Before becoming the very first Rector of World Maritime University, Captain Sölve Arvedson (1929 – 2007) worked onboard ships, participated in research expeditions to Greenland, travelled in the Far East discussing environmental issues, promoted environmental work in various fields in Sweden and was a member of a great many educational committees.
Captain Arvedson managed to convince politicians in Malmö and Stockholm to realize that education and training in international maritime conventions was of utmost importance.
Rear Admiral Sheldon Hoard Kinney of Annapolis, Maryland (1918 -2004) pursued a naval career for 38 years, including distinguished combat service in three wars taking him from Signalman to command of 125 ships and 65,000 officers and crew of the Cruiser-Destroyer Force of the Pacific Fleet. He also served as the Navy’s Chief of Education and Training, and as Commander of Midshipmen at the Naval Academy.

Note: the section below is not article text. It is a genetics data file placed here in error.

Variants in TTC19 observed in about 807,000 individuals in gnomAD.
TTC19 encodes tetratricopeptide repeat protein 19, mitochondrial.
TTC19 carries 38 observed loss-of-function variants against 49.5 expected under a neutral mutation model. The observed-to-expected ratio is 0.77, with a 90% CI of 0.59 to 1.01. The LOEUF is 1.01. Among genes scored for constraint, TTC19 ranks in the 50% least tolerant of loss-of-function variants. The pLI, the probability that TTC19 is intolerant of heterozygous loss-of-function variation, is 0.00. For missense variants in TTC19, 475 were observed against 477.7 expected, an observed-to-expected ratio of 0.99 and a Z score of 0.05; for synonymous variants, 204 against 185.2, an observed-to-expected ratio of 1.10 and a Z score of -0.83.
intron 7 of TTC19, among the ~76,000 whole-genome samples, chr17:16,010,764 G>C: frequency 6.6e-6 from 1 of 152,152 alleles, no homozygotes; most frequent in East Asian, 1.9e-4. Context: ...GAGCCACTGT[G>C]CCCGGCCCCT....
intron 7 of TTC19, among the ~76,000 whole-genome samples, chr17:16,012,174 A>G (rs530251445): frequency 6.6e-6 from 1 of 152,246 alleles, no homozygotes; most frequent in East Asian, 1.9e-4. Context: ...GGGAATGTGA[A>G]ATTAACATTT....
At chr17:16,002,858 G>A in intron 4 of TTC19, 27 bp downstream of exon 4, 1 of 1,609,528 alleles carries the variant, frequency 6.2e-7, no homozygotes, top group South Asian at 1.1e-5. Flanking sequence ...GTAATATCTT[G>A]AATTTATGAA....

Captain Donald M. Waters had more impact on maritime education and training in Australia than any other single person. He was responsible for bringing maritime education to Australia into the 20th century. As a Master Mariner of great experience, Captain Waters, as Assistant Secretary in the Australian Department of Transport in the 1970s, was able to see the need for properly trained and educated personnel.